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Hurricane Irma

It’s been over two months since Hurricane Irma made landfall in Florida, but Floridians are still dealing with mold and many are just now discovering they have it.

Florida lawmakers want to stop their colleagues from spending money meant for affordable housing on other projects. The move comes after Hurricane Irma battered and destroyed Floridians’ homes.

The media shapes public perception about current events, but that doesn’t mean we all see or hear the same things. A team of researchers at the Massachusetts Institute of Technology has developed a platform for “studying media ecosystems” that reveals how news events are framed by media outlets around the world.

The effort to put emergency money for food into the pockets and bank accounts of South Florida meant waiting in  lines and in court this week.

D-SNAP is the government program for disaster food assistance. The federal government program returned to the region for three days this week after overwhelming demand last month led to long lines and police shutting down some distribution sites over public safety concerns. 

State regulators say 21 nursing homes are not following new rules put in place after residents died in a South Florida nursing home.

For years Floridians have been facing a growing need for affordable housing. This year’s hurricanes are making the situation worse.

On the first day of make-up registration for disaster food assistance, lines were long, while lawyers who were suing over how the program has been rolled out hashed things out in court.

It’s now more than two weeks since Lee County’s Board of Commissioners sent a letter to the White House and U.S. Senators regarding the slow help from the Federal Emergency Management Agency after Hurricane Irma.  There’s been no response from FEMA or the White House.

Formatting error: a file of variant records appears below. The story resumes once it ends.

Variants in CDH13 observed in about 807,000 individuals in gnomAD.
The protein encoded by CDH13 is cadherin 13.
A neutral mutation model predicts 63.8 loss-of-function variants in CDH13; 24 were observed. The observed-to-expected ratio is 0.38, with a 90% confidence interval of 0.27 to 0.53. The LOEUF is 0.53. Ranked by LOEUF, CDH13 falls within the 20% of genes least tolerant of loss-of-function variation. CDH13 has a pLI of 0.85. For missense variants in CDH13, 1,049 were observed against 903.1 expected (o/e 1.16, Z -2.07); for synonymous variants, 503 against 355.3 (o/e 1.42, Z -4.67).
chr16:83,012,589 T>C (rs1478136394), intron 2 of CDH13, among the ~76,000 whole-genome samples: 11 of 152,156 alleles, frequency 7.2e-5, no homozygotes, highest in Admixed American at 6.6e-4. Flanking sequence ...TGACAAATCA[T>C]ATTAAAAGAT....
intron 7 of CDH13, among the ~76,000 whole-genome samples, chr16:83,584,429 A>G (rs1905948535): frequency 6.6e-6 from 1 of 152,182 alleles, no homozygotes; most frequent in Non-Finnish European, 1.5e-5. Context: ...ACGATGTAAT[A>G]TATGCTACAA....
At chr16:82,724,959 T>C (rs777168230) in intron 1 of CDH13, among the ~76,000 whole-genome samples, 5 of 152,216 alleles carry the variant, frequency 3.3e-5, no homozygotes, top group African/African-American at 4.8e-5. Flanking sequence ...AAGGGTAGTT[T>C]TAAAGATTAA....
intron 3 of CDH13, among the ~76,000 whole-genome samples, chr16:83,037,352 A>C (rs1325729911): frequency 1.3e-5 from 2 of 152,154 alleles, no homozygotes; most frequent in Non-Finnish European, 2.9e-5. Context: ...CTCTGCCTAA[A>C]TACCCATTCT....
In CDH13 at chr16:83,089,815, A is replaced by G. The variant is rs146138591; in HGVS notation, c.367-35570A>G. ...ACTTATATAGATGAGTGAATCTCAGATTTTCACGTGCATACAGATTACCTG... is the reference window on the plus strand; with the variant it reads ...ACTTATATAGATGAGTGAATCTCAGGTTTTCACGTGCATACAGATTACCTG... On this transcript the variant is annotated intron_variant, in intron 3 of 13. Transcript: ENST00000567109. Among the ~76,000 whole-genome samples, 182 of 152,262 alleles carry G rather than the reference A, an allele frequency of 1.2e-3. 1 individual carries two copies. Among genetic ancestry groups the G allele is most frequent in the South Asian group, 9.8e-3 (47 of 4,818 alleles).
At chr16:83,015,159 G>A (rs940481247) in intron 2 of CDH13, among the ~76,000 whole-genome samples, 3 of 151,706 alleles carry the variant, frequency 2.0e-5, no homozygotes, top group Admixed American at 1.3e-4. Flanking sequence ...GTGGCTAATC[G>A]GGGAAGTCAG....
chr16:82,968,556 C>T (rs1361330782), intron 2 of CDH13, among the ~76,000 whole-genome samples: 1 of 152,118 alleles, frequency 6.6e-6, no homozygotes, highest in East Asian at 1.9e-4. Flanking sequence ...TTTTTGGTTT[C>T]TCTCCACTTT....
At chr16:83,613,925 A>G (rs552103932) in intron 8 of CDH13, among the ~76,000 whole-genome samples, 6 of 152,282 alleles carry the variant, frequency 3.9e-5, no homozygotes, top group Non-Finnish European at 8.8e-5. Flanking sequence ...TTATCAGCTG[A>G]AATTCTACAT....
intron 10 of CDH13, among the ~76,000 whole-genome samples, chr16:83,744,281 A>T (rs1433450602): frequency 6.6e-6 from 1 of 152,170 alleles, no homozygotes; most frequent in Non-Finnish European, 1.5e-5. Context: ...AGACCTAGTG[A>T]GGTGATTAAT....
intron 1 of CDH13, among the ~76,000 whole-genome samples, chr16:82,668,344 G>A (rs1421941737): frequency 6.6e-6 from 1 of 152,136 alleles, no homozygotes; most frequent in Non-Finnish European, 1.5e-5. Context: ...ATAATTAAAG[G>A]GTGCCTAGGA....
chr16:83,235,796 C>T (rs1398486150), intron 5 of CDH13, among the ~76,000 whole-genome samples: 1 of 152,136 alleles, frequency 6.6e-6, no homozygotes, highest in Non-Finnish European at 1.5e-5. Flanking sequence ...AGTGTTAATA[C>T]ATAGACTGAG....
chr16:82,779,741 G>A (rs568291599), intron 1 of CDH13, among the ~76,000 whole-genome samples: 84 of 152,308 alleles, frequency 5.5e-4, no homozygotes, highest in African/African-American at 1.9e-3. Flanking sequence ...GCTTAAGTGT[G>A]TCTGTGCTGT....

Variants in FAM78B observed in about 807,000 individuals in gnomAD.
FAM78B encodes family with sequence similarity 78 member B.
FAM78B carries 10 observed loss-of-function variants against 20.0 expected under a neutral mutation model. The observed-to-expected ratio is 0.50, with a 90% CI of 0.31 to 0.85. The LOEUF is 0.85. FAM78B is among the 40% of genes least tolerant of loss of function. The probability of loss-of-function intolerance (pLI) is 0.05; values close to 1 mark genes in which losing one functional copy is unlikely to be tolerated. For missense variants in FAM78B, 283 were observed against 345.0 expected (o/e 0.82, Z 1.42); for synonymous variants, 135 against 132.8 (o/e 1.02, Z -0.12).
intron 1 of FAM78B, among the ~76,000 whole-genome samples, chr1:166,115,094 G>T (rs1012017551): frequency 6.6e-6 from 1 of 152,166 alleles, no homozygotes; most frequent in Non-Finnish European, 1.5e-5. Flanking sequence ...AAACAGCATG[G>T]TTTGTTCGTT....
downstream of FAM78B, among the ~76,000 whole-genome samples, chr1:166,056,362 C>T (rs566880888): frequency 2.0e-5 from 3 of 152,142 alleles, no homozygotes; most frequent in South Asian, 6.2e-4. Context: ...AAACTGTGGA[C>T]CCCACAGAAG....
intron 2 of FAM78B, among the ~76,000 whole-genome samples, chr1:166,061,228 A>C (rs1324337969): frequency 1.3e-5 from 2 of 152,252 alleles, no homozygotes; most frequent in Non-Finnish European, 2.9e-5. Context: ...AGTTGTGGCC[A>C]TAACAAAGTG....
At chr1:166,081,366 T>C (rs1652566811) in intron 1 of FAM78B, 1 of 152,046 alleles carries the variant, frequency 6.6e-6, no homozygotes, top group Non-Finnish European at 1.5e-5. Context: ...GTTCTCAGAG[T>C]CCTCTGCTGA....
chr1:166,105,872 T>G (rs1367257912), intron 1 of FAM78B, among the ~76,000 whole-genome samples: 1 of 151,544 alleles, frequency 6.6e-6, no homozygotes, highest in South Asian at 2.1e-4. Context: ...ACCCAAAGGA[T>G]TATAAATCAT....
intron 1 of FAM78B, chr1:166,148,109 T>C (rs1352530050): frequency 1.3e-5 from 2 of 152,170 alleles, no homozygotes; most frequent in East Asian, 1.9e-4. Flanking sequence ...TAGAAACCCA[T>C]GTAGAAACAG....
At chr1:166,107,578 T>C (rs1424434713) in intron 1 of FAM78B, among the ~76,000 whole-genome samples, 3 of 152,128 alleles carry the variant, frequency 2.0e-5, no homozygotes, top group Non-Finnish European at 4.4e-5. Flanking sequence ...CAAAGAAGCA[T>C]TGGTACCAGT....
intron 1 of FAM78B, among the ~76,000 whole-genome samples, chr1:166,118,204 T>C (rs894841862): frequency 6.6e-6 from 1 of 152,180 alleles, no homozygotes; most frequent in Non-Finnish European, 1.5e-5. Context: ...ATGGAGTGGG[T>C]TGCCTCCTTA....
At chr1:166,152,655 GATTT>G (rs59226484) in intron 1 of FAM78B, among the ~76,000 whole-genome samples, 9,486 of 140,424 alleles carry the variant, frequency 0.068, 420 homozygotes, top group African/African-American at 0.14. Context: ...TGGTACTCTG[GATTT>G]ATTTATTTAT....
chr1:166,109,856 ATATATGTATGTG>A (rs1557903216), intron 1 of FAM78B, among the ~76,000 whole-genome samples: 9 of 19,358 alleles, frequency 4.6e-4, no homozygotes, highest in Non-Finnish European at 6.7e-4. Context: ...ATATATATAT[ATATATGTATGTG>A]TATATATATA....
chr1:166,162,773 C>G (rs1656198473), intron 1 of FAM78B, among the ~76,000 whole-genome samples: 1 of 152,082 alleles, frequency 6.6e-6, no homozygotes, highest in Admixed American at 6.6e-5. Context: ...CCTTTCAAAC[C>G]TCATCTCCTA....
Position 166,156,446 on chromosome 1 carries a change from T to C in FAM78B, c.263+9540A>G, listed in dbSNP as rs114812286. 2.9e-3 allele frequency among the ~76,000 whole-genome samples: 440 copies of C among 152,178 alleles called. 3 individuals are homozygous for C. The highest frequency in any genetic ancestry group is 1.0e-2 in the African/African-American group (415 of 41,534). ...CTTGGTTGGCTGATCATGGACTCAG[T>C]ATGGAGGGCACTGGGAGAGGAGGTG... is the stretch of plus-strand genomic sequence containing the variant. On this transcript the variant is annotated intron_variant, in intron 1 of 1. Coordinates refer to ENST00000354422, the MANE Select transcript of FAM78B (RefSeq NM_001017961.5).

Irma-Damaged Boats Pulled Out Of State Waters

Nov 2, 2017

Nearly 1,500 vessels impacted by Hurricane Irma have been removed from state waters over the past month and a half, according to the Florida Fish and Wildlife Conservation Commission.

Stephanie Colombini / WUSF Public Media

Florida’s power companies have invested billions and billions of dollars to harden the electrical grid since the hurricanes of 2004 and 2005. Could you tell?

If you lost power after Hurricane Irma – and 6.5 million homes did – it may have been hard to discern how things have improved in the last dozen years.


www.blendspace.com

Electricity is such a mundane part of life we may not think about it that often -- until you lose power during a hurricane and are left sitting for days in the Florida heat! We're talking about electrical power this week on Florida Matters.


After Hurricane Irma turned more than 6 million Floridians into evacuees, Senate budget drafters are eyeing state reserves as a way to get communities back on their feet quickly. 

State Officials Defend Massive Evacuation Traffic Plans

Oct 27, 2017

Despite widespread traffic jams that choked Florida's highways, state officials are defending the approach used during Hurricane Irma.

The tab for Hurricane Irma keeps rising, and Florida legislators are warning that it could require some tough budget choices for next year.

People who need unemployment assistance after Hurricane Irma might not be getting the help that is available to them.

Florida Senate lawmakers are wary of Governor Rick Scott spending emergency dollars in the wake of Hurricanes Irma and Maria.  A Puerto Rican state senator is urging lawmakers to prepare for evacuees.

Those affected by Hurricane Irma who apply for FEMA disaster assistance, shouldn’t consider an initial denial of aid the final word.


Oranges imported to Florida --- primarily from Brazil and Mexico --- are projected to surpass what is grown in the hurricane-damaged Sunshine State this season.

A historic city pier on Florida's Gulf Coast that was damaged by Hurricane Irma will be torn down and rebuilt from scratch.

For years tourists have flocked to take photos at Key West's Southernmost Point Marker.

That came to a halt when the concrete buoy was damaged during Hurricane Irma. But the buoy is photo-ready again.

The Florida Keys News Bureau reports that the City of Key West hired Danny Acosta, the original artist, and artist Henry DelValle to repaint the graphics on the Florida Key's most photographed tourism icon.

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